The project is as much about the people who once lived and worked in the places Margaine documents as the architecture. “They write the story themselves – it gives more value to the document,” he says. “The people who have worked in the building make it live again, they complete the story with their memories, their photos.” This image shows the bedroom belonging to Karl Kraft, who opened a urology surgery on the ground floor of his home in 1931. His wife Hildegard remained there until 2006, and it is now derelict. According to the book, “The obviously abandoned site is visited by more or less respectful strangers. While some are content to take pictures, others move, disturb or take away decorations that Hildegard had acquired, such as a screen by Leonor Fini. The former Kraft home now looks more like a film set than the noble residence it once was.”
Loos prison in Lille, France
Margaine describes one response to his images of an abandoned prison in Melbourne. “A woman posted a comment a few years ago and said her dad had been locked inside and she was looking for a trace of history from him,” he says. “Then a few weeks ago somebody asked for her email, said they thought they were her sister but had never met her – the father was in jail, had children with different wives and they didn’t know each other. She had been looking for 20 years and now they’ve found each other.” This image shows Loos prison in Lille, France – one of the largest prisons in use under the Nazi occupation of northern France.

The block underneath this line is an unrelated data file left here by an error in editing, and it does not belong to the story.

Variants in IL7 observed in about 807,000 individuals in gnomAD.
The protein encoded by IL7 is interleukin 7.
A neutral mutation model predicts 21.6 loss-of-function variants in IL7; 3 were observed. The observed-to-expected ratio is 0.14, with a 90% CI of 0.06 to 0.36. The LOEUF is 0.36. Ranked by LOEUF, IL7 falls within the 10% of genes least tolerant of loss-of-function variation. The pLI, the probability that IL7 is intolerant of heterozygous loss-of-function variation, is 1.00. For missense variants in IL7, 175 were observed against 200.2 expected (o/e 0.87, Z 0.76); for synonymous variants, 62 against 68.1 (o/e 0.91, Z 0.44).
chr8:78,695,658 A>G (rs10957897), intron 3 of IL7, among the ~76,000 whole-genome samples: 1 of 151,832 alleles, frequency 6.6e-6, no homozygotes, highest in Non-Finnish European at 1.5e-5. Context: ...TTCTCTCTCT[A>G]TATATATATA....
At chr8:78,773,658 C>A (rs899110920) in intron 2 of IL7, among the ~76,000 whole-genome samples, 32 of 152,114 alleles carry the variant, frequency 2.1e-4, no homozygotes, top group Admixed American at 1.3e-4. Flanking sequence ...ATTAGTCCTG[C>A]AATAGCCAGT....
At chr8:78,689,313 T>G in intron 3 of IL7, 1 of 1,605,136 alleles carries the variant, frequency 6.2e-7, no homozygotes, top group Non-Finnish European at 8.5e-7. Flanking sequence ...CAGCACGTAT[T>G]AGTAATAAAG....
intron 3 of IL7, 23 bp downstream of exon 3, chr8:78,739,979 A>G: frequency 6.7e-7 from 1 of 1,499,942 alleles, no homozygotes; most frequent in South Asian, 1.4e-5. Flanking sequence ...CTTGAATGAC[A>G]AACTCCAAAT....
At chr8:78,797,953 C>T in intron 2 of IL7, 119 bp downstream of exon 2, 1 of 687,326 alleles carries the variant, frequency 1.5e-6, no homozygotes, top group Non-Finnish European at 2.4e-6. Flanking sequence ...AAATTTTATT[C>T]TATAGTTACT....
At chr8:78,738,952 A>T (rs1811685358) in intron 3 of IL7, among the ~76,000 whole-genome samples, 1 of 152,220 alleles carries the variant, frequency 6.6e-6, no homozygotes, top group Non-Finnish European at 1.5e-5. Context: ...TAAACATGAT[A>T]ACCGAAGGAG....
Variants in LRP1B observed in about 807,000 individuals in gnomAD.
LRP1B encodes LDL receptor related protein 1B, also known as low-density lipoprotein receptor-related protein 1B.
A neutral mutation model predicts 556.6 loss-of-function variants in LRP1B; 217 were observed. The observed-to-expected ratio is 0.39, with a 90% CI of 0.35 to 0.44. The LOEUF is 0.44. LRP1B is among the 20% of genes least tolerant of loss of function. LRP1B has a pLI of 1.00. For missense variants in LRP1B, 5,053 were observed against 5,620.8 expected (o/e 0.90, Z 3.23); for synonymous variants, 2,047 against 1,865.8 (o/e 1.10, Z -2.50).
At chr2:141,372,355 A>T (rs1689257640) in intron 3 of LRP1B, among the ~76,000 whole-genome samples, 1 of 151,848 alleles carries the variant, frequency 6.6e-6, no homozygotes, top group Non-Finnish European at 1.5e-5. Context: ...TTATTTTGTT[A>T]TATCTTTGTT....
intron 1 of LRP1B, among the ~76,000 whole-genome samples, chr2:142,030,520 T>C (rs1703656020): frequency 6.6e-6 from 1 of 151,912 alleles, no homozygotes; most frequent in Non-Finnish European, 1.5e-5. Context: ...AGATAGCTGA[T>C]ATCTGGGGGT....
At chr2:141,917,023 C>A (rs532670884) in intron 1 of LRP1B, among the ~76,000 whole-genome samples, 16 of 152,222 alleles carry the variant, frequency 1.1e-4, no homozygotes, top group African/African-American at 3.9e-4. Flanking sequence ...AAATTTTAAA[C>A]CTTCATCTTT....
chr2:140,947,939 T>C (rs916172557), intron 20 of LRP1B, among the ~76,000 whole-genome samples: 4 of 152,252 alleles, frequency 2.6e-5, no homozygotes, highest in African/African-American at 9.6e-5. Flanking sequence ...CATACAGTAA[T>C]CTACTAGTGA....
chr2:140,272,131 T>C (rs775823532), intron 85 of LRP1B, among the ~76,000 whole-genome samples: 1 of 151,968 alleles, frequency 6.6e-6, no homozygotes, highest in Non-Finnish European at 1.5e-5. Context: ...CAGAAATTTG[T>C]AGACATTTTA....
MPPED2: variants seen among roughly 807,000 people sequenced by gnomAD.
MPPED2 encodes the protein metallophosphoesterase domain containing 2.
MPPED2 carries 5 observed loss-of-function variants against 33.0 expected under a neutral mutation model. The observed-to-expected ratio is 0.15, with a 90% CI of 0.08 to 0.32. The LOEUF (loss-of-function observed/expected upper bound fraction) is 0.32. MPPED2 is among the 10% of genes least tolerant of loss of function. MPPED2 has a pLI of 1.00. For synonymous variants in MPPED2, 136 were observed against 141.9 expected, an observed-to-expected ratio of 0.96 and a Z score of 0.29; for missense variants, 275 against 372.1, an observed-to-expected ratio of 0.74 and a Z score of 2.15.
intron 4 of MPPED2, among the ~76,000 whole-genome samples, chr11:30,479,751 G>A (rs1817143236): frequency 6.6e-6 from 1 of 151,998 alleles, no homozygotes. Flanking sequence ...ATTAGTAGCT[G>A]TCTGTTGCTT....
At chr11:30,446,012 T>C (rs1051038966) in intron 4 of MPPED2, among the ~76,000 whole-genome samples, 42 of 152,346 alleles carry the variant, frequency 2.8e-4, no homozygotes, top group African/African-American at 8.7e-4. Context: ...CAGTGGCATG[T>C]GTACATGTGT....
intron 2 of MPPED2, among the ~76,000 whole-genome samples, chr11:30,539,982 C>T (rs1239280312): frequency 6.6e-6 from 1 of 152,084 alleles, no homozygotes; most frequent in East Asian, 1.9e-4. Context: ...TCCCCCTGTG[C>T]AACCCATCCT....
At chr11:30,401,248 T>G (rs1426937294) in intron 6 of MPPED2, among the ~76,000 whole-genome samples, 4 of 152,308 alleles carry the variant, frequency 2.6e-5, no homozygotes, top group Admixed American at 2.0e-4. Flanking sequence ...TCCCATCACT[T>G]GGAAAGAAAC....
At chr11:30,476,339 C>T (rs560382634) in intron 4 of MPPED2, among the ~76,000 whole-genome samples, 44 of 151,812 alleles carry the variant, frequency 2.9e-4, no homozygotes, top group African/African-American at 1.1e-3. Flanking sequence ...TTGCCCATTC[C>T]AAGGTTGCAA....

Psychiatric hospital at Racconigi, Italy
The places that have most struck Margaine are abandoned asylums. “Psychiatric institutions are taboo, no one really knows what they’re like,” he says. “Inside, there’s a legacy of a past life – you can still see padded cells, straitjackets, electroshock machines. You know they exist but when you see them for real it’s different – it’s a powerful experience to explore that kind of building.” This hospital opened in 1871 and closed for good in 1998. The building itself offers insight into what happened there. “There is a special architecture in an asylum – the architecture was part of the therapy. It’s part of the story of the building.”
Shipka cinema, Bulgaria
Seeing so many buildings in ruins has affected Margaine’s outlook on life. “I have a strong view of what will be gone – I can explore a building and then a week later the roof collapses. In less than 10 years, a building can disappear. It shows that even the strongest buildings like cathedrals, or ones made from concrete, will not remain if we do not maintain them.” This cinema in Bulgaria only showed films produced by the state; it closed after the collapse of the communist regime. “Everything seems so fragile – we are just here for a short time – it’s all ephemeral.”
Psychiatric hospital at Racconigi, Italy
Margaine’s website becomes part of the history of each place. “I am contacted by people who have pictures of buildings when they were still functioning. The memory of the building is richer with this witness – people who spent periods of their life in this place – they worked there, they were ill there.” This image shows a bed on which patients were treated at the Racconigi psychiatric hospital, which practised shock therapy. “I don’t believe in ghosts – but the atmosphere in these places is related to the life that existed there. In a prison where inmates were locked up or a hospital where people suffered or died, it’s very strong to see remains of human presence – gloves on a machine in a factory; a nurse’s uniform still in locker; a straitjacket in an asylum. You can imagine what has happened there. I try to show how it was when it was alive – the remains of the human presence in the building.”